The word ‘federalism’ has become, in the UK at least, shorthand for the concept of increased centralisation of power at the centre of the EU, away from the individual Member States. This is not a popular concept in the UK, to say the least. This is unfortunate, because there is a good case for saying that the EU should be more federal, not less. To understand what I mean by this, it is necessary first to consider what federalism is and how it operates in practice, before asking why the EU would benefit from more of it.
What is federalism?
The Oxford English Dictionary defines the word ‘federal’ as “of, pertaining to, or of the nature of a system of government in which several states form a central political unity but remain independent in internal affairs”. There are thus two layers of government in a federal state, that of the ‘central political unity’ and that of the separate states which ‘remain independent in internal affairs’.
It follows from the above definition that federalism involves a separation of powers between the central political unity and the states. I have always understood as well that there must be clarity in the division of powers for federalism to work properly.
The best known example of a federal state is the United States, though there are many others including Canada, Australia and Germany. In the case of the US, the Constitution assigns specific powers to the federal government, including for example the powers to raise armies, declare war, print money and regulate commerce between the individual states. The US Constitution also, pursuant to the Tenth Amendment, which was adopted in 1791 as part of the ‘Bill of Rights’, states that:
The powers not delegated to the United States by the Constitution, nor prohibited by it to the States, are reserved to the States respectively, or to the people.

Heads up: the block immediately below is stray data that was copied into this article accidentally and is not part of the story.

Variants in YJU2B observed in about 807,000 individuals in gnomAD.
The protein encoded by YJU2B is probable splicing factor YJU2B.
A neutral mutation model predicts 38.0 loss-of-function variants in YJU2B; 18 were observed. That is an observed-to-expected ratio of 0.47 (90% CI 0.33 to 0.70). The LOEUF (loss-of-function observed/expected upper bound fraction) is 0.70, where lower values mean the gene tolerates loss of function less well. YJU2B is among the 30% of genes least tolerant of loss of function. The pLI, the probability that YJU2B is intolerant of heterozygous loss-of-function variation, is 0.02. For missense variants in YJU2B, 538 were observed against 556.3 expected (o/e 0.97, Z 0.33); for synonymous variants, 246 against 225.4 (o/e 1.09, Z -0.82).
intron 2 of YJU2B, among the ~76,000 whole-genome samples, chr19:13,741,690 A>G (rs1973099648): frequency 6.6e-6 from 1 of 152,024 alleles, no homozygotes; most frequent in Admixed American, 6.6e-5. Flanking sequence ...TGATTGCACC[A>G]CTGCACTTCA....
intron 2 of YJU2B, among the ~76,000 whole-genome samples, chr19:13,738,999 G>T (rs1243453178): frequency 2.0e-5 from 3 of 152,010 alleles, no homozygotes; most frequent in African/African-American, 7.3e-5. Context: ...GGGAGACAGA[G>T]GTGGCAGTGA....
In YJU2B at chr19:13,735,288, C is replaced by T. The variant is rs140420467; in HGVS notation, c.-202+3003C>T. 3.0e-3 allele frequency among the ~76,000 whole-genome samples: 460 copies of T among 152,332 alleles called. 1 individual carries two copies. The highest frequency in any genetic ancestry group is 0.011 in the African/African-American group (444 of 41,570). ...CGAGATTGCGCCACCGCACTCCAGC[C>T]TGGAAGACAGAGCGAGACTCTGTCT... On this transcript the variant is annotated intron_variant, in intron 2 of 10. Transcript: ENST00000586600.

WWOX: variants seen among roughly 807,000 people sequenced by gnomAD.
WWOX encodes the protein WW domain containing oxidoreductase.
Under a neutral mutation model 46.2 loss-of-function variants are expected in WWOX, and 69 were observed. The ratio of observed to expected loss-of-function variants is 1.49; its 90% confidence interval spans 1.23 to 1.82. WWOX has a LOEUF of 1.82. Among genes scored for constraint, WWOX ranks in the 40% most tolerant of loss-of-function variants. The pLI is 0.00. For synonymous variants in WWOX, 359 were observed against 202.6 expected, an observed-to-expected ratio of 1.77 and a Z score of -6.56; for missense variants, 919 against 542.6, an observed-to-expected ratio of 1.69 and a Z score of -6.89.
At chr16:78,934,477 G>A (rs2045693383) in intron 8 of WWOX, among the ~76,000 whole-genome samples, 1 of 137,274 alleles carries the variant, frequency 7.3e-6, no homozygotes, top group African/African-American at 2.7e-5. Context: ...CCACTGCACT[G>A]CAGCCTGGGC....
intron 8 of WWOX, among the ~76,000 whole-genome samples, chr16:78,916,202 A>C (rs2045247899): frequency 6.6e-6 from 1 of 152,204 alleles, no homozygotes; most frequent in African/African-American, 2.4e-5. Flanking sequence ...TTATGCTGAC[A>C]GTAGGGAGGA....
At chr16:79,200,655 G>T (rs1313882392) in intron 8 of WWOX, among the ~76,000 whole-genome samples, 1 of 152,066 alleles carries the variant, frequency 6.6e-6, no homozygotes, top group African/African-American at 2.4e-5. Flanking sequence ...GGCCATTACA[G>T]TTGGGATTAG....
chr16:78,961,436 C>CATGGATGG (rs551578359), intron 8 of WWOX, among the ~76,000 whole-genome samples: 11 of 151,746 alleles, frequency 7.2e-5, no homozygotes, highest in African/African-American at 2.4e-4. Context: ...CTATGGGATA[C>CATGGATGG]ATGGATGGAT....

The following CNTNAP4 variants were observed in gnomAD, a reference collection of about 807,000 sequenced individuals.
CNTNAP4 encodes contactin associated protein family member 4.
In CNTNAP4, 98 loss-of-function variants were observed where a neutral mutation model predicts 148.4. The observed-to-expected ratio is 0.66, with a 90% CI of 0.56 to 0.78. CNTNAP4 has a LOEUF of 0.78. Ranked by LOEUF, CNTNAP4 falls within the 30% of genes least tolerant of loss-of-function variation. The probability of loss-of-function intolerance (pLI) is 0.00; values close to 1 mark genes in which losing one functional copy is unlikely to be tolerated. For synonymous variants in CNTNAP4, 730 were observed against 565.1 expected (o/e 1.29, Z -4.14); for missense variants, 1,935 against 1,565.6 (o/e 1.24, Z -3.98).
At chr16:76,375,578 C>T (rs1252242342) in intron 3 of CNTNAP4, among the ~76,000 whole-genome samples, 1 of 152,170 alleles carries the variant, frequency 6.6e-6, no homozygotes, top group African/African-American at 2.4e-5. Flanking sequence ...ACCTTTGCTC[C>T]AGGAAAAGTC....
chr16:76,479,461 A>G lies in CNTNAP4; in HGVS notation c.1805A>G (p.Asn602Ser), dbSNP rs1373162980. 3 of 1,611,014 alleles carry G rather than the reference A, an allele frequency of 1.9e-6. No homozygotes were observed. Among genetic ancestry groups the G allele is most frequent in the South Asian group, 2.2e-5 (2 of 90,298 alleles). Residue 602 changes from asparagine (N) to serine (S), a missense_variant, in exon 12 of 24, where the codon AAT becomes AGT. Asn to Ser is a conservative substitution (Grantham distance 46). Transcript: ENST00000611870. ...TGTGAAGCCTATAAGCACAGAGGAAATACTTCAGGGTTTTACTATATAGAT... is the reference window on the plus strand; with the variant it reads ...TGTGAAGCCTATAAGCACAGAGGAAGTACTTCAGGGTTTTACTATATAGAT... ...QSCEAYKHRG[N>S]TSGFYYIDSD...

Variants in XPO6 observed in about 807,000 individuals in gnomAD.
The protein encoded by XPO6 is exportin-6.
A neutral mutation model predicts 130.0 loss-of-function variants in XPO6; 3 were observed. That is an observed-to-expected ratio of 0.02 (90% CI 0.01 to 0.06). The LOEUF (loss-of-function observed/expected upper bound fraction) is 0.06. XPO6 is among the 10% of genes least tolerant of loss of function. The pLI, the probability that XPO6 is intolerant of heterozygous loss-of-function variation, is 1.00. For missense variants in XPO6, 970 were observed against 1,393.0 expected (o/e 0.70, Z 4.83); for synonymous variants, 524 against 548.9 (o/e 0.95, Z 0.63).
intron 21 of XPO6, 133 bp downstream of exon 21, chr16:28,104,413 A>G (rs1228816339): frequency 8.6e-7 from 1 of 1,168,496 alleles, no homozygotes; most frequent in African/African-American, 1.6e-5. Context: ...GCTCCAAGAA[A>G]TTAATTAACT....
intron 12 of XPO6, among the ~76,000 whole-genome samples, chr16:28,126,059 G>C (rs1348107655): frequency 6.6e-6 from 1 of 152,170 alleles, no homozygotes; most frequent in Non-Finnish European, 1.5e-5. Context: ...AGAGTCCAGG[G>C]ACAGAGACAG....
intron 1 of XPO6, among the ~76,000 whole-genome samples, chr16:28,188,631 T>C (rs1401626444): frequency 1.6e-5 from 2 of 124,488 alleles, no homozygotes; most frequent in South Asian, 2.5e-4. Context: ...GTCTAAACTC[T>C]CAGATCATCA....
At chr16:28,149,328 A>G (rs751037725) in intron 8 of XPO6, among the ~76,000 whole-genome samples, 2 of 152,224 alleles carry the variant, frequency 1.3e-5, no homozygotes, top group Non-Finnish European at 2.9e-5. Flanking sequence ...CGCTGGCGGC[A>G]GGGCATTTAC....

In short, the US Constitution reserves various specific powers to the federal government, while all other powers remain with the individual states. This is a very simple description of the reality, and the US Supreme Court has had to step in on many occasions over the years to clarify the boundary lines between federal and state powers, but the basic position can be stated in simple terms.
The constitution of Germany (the ‘Basic Law’ adopted in 1949) makes a similar distinction between the powers of the German Federal Republic and the powers of the individual Lander. Article 30 of the Basic Law states:
Article 30: Except as otherwise provided or permitted by this Basic Law, the exercise of state powers and the discharge of state functions is a matter for the Lander.
How are powers divided between the EU and individual Member States?
Article 3 of the EU Treaty, as amended, contains a broad outline of the powers and obligations of the EU. These powers and obligation include:
- providing freedom of movement for its citizens;
- the establishment of a single market;
- combatting social exclusion and discrimination;
- the establishment of an economic and monetary union whose currency is the Euro;
- upholding its values and contributing to the protection of its citizens in its relations with the wider world; and
- pursuing its objectives by appropriate means commensurate with the competences conferred upon it in the Treaties.
Article 4, in turn, states in paragraph 2 that “competences not conferred upon the Union in the Treaties remain with the Member States”.
Article 5 states, in paragraph 1, that the ‘limits’ of the Union’s ‘competences’ (i.e., its powers) are governed by the ‘principle of conferral’, while the ‘use’ of its ‘competences’ is governed by the ‘principles of subsidiarity and proportionality’.
Article 5 paragraph 2 defines the principle of ‘conferral’:
Under the principle of conferral, the Union shall act only within the limits of the competences conferred upon it by the Member States in the Treaties to attain the objectives set out therein. Competences not conferred upon the Union in the Treaties remain with the Member States.
Article 5 paragraph 3 defines the principle of ‘subsidiarity’: